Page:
Helping to roll out the OCS trial is Inga Buso (right), who chats to John Masiza Primary teacher, Tshitso Motumi, during one of the campaign’s recent interventions at the school.


JEFFREYS BAY – A unique litter reduction campaign is being piloted in Kouga.


Trials of Operation Clean Spot (OCS) – which is being run by African marine conservation non-profit Sustainable Seas Trust (SST) with the support of the Kouga Municipality – have kicked off in the Jeffreys Bay suburbs of Pellsrus and Noorsekloof.

Researchers involved in the pilot project – the trial for which is earmarked to run in Jeffreys Bay until year-end – are helping with environmental education campaigns at schools and communities, including Victory Christian School in Noorsekloof and Makukhanye in Pellsrus.

Household Surveys

Household surveys are being undertaken to determine residents’ attitudes towards waste management. Additionally, residents are being educated about the importance of separating their recyclables – which have an economic value in the recycling sector and circular economy – out of their general household waste.

Kouga Executive Mayor, Hattingh Bornman, said, “This campaign aligns perfectly with Kouga Municipality’s Keep Kouga Clean narrative – which is one of seven narratives at the municipality.

Unique litter reduction campaign

“A clean Kouga is good for all of us. It makes for happier and healthier communities. It also attracts more visitors and potential investors, thus stimulating the economy and opening up job opportunities.

“It is hoped that the campaign will help ignite communities’ pride in Kouga and motivate young and old to play their part in keeping our beautiful region clean.”

Reducing litter

OCS aims to reduce land-based litter by up to 90% in some communities. With its mandate to support a blue economy by helping Africa’s oceans become litter-free, the Sustainable Seas Trust wants to use OCS to combat pollution in the environment before it reaches the sea.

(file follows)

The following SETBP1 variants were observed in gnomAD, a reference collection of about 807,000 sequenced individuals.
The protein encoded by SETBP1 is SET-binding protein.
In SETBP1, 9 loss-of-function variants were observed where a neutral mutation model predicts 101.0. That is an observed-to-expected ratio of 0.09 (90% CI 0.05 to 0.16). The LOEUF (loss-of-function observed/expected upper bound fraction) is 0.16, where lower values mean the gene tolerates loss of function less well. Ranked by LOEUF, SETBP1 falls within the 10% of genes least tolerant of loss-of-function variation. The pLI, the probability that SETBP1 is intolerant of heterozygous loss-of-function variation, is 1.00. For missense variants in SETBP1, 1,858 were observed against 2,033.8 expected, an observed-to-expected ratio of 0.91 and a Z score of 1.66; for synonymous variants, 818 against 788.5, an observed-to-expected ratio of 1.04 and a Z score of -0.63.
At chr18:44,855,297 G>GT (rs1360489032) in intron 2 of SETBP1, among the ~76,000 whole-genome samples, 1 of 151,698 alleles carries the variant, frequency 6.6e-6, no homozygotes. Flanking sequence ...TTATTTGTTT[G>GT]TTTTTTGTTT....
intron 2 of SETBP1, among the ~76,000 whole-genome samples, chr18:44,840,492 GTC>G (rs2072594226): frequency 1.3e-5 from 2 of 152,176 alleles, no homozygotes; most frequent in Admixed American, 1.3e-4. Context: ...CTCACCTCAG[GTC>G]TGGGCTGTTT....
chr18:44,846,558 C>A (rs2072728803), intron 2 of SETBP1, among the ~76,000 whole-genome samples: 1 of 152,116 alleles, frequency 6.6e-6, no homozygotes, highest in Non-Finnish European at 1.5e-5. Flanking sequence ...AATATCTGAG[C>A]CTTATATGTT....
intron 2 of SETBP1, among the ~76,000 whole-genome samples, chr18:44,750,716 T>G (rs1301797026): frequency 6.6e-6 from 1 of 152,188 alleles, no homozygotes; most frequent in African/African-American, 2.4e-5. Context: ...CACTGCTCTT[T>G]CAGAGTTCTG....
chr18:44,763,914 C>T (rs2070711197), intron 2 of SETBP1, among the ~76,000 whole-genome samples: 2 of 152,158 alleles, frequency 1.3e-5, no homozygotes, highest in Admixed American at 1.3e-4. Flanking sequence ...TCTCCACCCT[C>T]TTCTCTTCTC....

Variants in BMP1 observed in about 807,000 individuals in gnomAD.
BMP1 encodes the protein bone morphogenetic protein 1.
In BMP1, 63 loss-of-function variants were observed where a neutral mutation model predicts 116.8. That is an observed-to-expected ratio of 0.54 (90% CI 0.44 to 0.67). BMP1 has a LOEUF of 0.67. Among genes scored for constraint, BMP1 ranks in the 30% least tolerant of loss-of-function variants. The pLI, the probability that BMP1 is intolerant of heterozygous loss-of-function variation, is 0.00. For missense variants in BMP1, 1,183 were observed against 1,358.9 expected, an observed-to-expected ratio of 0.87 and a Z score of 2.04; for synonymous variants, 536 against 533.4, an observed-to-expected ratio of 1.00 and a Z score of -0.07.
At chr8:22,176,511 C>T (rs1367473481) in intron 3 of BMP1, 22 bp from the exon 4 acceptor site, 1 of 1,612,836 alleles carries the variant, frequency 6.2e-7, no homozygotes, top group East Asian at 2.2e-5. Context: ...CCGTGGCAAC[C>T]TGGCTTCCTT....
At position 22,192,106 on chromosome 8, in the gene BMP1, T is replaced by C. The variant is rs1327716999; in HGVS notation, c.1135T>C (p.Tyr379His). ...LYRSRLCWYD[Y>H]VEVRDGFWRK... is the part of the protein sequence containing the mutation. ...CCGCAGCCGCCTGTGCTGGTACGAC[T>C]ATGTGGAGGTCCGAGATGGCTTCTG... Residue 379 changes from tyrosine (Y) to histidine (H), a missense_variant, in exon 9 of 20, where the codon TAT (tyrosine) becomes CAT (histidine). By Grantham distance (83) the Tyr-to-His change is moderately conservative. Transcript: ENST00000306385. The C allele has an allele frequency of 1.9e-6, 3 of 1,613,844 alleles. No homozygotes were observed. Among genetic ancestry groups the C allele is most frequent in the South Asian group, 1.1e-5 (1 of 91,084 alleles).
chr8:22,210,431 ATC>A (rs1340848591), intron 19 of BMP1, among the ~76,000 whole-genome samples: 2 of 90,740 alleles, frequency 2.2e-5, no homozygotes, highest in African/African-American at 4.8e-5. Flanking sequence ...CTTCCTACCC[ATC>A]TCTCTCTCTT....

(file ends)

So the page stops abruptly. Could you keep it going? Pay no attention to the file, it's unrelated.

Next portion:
“In addition to working towards SST’s long-term goal of ‘Zero Waste to the Seas of Africa’, this project aims to identify easy-to-implement project design principles within a proof-of-concept model that can be used in other South African and African contexts,” said Janine Osborne, SST CEO.

Once trialed, SST plans to distribute its OCS model throughout the continent using its African Marine Network and its partners.

Cheri Scholtz, CEO of South Africa’s longest-standing producer responsibility organisation, Petco, said collaborating on projects like Operation Clean Spot helped to unlock the supply of recyclable materials to drive South Africa’s circular economy. Petco has partnered with the OCS programme, sponsoring PPE and training for participating waste collectors.

“Recyclable materials have real value for everyone in the collection and recycling value chain – from the collectors who earn an income from selling these materials to the producers who ultimately use the recycled content in their products and packaging,” Scholtz said.

“Supporting Operation Clean Spot is one of the ways we are building capacity in the informal collection sector and helping to integrate it into the formal value chain.”

Osborne said, “About 80% of what is recycled in South Africa is collected by waste collectors. This makes waste collectors an integral and fundamental part of our broader African recycling economy that should not only be recognised but celebrated.

“OCS not only helps reduce waste-to-landfill and litter in the environment, it can also support waste collectors by assisting to unlock the value of recyclable materials and create much-needed income opportunities.”

More information

Individuals or businesses can get involved with the OCS adopt-a-spot campaign by registering their clean-up area on the SST website at this address:

How the OCS trial is unfolding

  • At a municipal level, SST is offering waste minimisation support and guidance to local authorities, based on its scientific research in the sector and its Africa-wide partner network.
  • At schools, OCS is educating pupils on how to identify and separate recyclable waste generated in their households from general waste headed for landfills – termed “separation at source”. This empowers pupils to become “recycling champions” in their households, motivating their parents or caregivers to join in.
  • Neighbourhood programmes, meanwhile, involve educating households about the importance of often-maligned and misunderstood waste collectors. This is being achieved through a combination of neighbourhood education drives, workshops, and by sourcing personal protective equipment (PPE) and clothing for the waste collectors so they can be easily identified by households.
  • On a broader scale, using its website and social media channels, OCS is galvanising individuals and businesses to “adopt-a-spot” in their respective communities which they commit to keeping clean on a consistent basis, logging the clean-ups of their spots – and the amount of litter collected – on the OCS website to measure progress for the public to see.